Anand-Gelfand & What is a Critical Position?
In my latest blog post (blog.chess.com/Trendle/how-to-get-the-most-out-of-the-tactics-trainer) I talked about how to get the most out of using things like Chess.com's Tactics Trainer, using a method based around the idea of Forcing Moves. I promised that I would do another blog about how this relates to actual games of chess so here goes!
The absolute key to being able to use the ideas I outlined is to know when to use them. During a game you have a limited amount of time and it is simple not possible/practical to try and calculate everything on every move. When then should we calculate? The answer is in critical positions. The basic definition of a critical position is one where the choice of move you make will have a major impact upon the result of the game, there may be one winning move or one move that keeps you in the game. So far, so simple. But how can we recognise a critical position? Well, there is no one way to do it so here are a few suggestions!
1. A position with lots of forcing moves (checks/captures etc. see previous blog). This makes sense, if there are a lot of forcing moves then there's a good chance one is quite good! It also means there are a lot of tactics around.
2. One or both of the kings are vulnerable (perhaps one move away from castling on an open file).
3. One side has a large lead in development (perhaps for sacrificed material).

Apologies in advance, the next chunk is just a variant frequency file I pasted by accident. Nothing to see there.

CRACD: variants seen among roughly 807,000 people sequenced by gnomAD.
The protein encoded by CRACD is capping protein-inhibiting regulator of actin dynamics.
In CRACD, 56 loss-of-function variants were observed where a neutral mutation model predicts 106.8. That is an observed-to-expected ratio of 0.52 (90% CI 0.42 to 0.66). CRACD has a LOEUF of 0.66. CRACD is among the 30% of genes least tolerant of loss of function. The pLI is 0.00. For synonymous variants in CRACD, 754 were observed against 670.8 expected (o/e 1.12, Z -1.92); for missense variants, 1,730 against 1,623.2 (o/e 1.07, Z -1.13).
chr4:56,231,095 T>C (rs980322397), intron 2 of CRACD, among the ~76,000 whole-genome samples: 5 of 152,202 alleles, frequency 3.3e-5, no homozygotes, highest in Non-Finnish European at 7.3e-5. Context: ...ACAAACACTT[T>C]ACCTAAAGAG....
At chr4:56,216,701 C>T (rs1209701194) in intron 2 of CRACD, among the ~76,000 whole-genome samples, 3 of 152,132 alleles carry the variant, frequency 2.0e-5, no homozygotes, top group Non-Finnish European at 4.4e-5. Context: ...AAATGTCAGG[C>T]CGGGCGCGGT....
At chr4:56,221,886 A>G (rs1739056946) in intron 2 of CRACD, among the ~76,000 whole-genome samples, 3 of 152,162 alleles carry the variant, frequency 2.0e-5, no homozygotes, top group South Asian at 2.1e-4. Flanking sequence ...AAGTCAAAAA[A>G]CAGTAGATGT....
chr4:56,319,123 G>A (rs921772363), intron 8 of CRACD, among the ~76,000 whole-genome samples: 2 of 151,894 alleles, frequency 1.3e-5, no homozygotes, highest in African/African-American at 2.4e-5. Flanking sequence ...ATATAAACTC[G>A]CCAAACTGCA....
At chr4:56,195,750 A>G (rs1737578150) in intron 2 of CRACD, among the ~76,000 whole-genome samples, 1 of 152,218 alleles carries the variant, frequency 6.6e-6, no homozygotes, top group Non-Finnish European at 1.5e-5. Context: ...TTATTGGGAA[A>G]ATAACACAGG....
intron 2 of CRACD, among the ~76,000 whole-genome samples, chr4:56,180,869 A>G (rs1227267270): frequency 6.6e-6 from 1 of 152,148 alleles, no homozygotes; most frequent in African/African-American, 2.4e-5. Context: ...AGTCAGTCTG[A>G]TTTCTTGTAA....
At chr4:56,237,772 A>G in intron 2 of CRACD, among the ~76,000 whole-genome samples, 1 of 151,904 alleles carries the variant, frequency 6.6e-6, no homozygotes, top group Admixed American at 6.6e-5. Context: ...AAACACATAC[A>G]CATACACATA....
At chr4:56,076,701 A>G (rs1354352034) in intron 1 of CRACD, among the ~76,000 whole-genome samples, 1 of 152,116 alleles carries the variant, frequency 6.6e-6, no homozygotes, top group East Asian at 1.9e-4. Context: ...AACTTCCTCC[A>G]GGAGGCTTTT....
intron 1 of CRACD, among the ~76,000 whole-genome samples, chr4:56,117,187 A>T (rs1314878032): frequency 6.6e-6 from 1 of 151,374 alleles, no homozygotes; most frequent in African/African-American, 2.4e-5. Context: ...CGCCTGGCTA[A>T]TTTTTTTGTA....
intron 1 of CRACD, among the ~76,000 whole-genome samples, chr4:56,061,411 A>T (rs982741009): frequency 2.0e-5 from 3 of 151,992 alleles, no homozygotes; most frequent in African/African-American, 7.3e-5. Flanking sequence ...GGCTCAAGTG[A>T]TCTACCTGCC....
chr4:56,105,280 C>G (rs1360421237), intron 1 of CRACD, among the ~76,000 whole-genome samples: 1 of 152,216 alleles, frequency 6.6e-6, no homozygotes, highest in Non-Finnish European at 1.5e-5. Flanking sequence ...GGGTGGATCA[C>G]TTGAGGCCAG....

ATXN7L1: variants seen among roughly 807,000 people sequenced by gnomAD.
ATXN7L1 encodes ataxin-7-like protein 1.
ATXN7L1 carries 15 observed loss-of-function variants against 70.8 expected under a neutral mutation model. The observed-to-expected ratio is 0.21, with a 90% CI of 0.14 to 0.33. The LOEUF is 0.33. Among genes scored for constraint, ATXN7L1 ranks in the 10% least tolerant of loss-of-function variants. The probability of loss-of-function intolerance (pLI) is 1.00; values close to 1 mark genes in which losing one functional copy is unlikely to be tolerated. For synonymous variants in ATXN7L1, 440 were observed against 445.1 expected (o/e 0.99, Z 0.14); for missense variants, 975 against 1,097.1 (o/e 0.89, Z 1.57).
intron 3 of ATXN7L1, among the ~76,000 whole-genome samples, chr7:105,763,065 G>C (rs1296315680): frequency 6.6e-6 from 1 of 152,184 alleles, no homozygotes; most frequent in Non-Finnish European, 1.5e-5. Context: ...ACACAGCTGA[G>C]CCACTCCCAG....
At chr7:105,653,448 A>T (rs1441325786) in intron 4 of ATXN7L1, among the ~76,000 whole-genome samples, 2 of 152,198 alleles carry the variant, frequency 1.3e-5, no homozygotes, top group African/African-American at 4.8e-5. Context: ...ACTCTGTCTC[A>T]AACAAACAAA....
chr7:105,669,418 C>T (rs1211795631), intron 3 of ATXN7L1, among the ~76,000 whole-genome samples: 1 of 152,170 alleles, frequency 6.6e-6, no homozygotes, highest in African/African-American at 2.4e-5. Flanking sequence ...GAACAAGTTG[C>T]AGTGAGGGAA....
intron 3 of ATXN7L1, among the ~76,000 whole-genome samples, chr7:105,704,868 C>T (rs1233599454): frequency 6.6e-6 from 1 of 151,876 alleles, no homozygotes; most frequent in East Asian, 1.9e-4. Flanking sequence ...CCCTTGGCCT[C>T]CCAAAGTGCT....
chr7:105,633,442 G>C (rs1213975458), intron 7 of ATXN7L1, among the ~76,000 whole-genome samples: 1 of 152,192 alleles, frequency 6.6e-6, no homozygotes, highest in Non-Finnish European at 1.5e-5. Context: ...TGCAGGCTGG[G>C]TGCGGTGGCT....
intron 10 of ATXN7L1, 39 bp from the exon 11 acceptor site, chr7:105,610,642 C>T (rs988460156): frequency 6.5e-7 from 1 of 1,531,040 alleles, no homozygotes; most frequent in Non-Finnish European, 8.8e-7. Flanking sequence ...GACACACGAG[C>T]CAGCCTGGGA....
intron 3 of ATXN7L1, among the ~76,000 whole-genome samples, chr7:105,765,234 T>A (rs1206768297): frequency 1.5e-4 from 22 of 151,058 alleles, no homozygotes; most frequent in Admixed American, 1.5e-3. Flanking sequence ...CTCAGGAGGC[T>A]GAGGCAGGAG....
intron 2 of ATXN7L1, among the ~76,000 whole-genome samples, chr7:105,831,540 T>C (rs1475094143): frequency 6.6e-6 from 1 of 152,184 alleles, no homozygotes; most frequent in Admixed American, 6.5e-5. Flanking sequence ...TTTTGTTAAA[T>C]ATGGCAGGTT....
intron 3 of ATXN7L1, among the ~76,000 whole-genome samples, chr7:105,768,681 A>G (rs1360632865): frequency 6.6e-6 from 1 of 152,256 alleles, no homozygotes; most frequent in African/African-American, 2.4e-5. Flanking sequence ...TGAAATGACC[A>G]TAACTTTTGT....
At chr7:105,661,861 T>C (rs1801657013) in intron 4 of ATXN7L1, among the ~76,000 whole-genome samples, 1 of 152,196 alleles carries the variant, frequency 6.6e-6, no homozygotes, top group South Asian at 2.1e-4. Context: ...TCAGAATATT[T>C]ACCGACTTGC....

4. There is a key pawn break in the (perhaps a ...d5 break in a Sicilian) which needs to be analysed.
There are a lot of other possibilities, advanced pawns, misplaced pieces, Kings castled on opposite sides and so on. I'm sure you can thing of some others (if you want you can suggest some in the comments below). Anyway, the point is that all of these things can help you identify a critical position and then you can attempt to calculate the best move (perhaps using my rules about forcing rules although there are certainly other ways)!
Anyway, I've probably whaffled on for too long so I'm going to show you what I mean with the help of the recent Anand-Gelfand match. The first example is taken from game 8, a critical turning point in the match (Gelfand had just won in game 7).
Ok, I hope you'll agree that was fairly critical. Now let's check out the position they reached in game 10, again Anand is playing with White.
Well, let me know if you have any thoughts/questions about critical positions in the comments below and I'll do my best to respond.